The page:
The conference is supported by the Wilson Center in Washington, DC, the University of Hertfordshire in the UK, and the German Historical Institute in Moscow.
A focus on culture has been one of the major innovations in the study of the Cold War over the past decade. This has helped historians and the general public to view the Cold War as a conflict of ideas and images as well as bullets and bombs. Film is thought to have played a particularly important role throughout the Cold War. Scholars now recognise that cinema was a powerful vehicle of entertainment and propaganda, one that, among other things, showed audiences the ‘reality’ of what was for many people a peculiarly abstract conflict. Few courses about the Cold War taught in schools and universities today would be complete without clips from movies like Grigorii Aleksandrov’s Second World War drama Meeting on the Elbe (1949) or Stanley Kubrick’s anti-nuclear farce Dr Strangelove (1963).
Up until now, most work on the relationship between the Cold War and cinema has focused on Hollywood. This is understandable given the headlines that the witch-hunt of leftists in Hollywood attracted during the McCarthy era and the global reach of the American film industry. Nonetheless, this American-centric approach has tended to skew the picture overall, leaving some with the impression that Hollywood was subjected to unique political pressures during the Cold War and that the American film industry won the cinematic Cold War almost by default.
This conference seeks, first of all, to take stock of what we now know about the role played by the American film industry during the conflict. Secondly, it aims to put Hollywood’s ‘performance’ in an international, comparative context. The conference will look beyond Hollywood and explore how cinemas from different areas of the world - East, West, North and South - treated and were affected by the Cold War. Among the questions that papers might address are:
- Can we identify a range of important players in the cinematic Cold War?
- What are the similarities and differences between the ways that national film industries framed the Cold War?
- Which film industries gained from the Cold War and which lost?
- What was distinctive about cinema’s contribution to the Cold War?
- What does a comparative analysis of Cold War cinema tell us about the uses of propaganda during the conflict and about the cultural Cold War more generally?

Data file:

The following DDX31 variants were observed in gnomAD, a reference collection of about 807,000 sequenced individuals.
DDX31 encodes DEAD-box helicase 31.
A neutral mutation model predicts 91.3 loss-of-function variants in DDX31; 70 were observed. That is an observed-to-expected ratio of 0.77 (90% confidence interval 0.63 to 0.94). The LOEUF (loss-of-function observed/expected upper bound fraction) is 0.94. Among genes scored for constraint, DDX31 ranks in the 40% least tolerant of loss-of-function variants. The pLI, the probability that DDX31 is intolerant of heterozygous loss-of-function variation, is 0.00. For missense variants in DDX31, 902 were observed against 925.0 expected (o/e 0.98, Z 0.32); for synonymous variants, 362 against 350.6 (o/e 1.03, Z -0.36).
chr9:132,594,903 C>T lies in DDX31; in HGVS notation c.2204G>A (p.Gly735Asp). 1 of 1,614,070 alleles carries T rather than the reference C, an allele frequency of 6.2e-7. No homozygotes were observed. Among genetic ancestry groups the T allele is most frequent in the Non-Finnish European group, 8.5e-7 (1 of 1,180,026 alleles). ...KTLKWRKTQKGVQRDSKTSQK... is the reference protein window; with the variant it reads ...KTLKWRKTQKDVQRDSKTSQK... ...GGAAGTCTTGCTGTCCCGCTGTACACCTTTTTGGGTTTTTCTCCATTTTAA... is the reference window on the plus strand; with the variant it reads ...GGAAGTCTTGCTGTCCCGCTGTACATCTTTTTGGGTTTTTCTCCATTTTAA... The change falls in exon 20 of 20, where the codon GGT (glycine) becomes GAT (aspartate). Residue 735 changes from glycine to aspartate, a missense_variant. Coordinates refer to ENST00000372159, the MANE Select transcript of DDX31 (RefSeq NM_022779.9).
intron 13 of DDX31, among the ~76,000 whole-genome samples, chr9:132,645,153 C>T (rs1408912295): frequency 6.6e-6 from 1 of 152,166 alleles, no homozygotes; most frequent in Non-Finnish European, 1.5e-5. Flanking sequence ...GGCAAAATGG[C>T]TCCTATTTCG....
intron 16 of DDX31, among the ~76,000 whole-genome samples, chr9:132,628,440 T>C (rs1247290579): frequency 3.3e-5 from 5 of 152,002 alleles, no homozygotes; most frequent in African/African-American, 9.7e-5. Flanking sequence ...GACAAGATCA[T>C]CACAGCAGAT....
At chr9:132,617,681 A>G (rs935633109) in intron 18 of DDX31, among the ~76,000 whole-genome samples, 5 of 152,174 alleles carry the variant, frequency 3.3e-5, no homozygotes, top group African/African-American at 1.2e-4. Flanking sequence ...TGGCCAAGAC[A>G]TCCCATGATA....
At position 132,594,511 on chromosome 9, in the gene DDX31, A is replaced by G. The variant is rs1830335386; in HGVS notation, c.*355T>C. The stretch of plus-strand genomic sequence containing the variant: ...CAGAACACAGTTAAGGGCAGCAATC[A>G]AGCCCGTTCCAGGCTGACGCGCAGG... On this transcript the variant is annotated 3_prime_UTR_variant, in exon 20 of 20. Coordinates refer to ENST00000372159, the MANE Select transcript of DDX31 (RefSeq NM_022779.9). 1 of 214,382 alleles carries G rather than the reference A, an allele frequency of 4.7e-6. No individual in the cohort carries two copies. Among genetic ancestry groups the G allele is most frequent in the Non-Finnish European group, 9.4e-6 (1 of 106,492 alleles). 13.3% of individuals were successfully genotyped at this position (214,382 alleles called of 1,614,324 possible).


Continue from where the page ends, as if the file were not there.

The conference has a third major aim. As well as looking at cinema during the Cold War, it also wishes to explore how filmmakers have dealt with the subject since the conflict ended.
A lot has been written about how filmmakers ‘remade’ the Second World War in the 1950s and 1960s and how that might have influenced wider beliefs about that conflict. We now need to look at whether and, if so, how filmmakers have done the same with the Cold War. We need to begin to map out how cinema (and popular culture generally) has replayed or re-fought the Cold War over the past quarter of a century, and to consider its potential impact on perceptions of the Cold War. Among the questions that papers might address in this regard are:
- How prominent a subject has the Cold War been on cinema screens since 1989?
- Which national cinemas have paid the Cold War most attention, how and why?
- Which cinemas have effectively airbrushed the Cold War?
- What roles have governments or other organisations played in reworking the Cold War on the big screen?
Our approach is interdisciplinary, and we welcome proposals for papers from scholars of all fields, including history, film studies, literature, cultural studies, and the social sciences.
The languages of the conference will be English and Russian. Proposals of 500 words, together with a brief CV, should be sent to Professor Tony Shaw at [email protected] by 31 December 2013.
Invitations to the conference will be issued by 31 January 2014. Papers (up to 25 pages in length) should be distributed to all participants one month before the event. All lodging and meals for the duration of the conference will be covered. A limited number of grants will be given to contributors to cover their travel costs